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Teachers and districts report that a limited amount of time is spent on science education in Bay Area elementary schools.

Eighty percent (80%) of K–5th grade multiple-subject teachers who are responsible for teaching science in their classrooms reported spending 60 minutes or less per week on science, with 16% of teachers spending no time at all on science. Figure 1 displays related teacher survey fig.1results by grade band in greater detail. Another way of looking at these data reveals that students receive an average of 60 minutes of science instruction per week. This estimate is considerably lower than the 125 minutes per week reported as a result of a national survey8 conducted in 2000.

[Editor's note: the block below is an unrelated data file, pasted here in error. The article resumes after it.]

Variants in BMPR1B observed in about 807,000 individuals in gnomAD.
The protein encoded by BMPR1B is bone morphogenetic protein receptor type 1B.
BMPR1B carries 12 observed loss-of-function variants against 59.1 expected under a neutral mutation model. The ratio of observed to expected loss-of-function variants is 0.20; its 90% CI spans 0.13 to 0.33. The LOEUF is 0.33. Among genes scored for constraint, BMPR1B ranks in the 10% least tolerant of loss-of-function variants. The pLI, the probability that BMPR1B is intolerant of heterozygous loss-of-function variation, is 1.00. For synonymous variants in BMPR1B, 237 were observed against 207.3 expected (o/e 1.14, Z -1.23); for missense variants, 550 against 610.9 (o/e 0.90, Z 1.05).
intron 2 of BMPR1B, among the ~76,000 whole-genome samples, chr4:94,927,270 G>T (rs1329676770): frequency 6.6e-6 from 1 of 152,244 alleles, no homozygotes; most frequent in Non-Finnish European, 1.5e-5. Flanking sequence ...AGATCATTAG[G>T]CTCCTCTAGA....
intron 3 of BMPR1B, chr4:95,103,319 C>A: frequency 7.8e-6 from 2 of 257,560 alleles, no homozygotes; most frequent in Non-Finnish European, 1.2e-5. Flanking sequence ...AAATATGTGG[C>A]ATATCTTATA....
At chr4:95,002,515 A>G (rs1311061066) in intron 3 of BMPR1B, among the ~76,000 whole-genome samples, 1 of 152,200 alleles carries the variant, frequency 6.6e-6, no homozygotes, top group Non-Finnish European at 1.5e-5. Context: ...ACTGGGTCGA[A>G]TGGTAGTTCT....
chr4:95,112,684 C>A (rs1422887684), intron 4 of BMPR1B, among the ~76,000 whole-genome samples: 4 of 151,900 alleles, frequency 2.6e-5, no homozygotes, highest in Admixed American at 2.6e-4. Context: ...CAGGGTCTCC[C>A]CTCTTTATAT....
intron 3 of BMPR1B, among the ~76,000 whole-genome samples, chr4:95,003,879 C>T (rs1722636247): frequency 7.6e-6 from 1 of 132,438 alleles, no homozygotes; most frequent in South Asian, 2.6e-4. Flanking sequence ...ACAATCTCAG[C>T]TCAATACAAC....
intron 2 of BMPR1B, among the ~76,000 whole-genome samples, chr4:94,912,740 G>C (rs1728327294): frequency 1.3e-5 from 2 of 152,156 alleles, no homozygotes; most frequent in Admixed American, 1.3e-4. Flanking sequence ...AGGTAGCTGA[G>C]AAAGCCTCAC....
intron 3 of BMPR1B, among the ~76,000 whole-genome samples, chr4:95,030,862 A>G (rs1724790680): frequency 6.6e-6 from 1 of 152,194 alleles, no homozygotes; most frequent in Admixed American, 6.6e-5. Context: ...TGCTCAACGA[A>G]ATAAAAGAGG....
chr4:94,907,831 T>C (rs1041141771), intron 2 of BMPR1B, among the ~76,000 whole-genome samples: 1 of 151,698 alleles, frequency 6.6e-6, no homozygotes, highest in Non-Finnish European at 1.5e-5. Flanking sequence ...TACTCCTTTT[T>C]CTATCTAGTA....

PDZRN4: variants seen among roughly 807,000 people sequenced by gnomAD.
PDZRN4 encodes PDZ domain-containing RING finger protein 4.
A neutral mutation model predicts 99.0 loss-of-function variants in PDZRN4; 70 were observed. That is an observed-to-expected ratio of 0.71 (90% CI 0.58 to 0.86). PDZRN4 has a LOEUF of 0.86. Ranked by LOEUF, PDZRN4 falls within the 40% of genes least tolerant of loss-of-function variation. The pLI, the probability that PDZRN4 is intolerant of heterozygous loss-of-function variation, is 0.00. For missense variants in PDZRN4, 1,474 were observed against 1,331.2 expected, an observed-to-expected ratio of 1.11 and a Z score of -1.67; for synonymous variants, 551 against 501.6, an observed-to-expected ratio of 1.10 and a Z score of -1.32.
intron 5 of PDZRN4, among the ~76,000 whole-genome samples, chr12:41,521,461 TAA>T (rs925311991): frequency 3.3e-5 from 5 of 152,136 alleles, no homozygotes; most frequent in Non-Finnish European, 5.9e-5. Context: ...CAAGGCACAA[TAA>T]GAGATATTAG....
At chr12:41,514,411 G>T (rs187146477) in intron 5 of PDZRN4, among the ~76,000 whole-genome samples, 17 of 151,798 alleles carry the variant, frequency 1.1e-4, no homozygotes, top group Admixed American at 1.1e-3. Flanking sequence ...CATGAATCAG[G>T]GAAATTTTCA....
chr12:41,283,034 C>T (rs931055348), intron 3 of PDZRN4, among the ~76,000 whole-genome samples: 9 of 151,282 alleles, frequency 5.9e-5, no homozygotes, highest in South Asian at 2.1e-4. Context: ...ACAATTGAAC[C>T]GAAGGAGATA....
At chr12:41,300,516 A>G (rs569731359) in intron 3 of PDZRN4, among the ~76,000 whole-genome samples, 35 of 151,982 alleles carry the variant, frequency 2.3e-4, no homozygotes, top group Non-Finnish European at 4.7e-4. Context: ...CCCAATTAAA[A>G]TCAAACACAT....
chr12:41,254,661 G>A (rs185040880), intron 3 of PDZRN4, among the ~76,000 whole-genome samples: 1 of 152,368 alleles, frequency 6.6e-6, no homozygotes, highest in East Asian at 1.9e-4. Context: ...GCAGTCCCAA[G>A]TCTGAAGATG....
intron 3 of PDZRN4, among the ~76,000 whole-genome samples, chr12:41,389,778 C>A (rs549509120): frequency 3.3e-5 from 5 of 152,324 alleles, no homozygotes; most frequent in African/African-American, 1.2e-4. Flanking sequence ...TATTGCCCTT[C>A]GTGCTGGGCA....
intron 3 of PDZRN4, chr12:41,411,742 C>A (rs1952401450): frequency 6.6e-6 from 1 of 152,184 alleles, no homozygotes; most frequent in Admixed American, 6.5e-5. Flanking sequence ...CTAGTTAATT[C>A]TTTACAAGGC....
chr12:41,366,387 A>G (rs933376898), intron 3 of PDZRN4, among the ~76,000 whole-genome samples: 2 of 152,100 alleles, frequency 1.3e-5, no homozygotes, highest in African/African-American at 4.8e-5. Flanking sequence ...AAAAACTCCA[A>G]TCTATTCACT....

District office estimates were more optimistic, indicating that 50% of elementary school classrooms spend 60 minutes or less per week on science; these estimates include those districts with science resource teachers.

According to both teachers and district office personnel, about 80% of all elementary school students receive science instruction 3 times per week or fewer, with the majority of students receiving 2 days or fewer.

Echoing a recent national study,9 district representatives who responded to our survey and participated in interviews reported that a diminishing amount of time has been spent on science since the enactment of No Child Left Behind (NCLB). Those districts with schools in Program Improvement (PI) status, due to their prior language arts and mathematics test results, report little to no time for science at all. In a few exceptional circumstances (special programs, community priorities), individual schools go against that trend, focusing adequate time and attention on science instruction.

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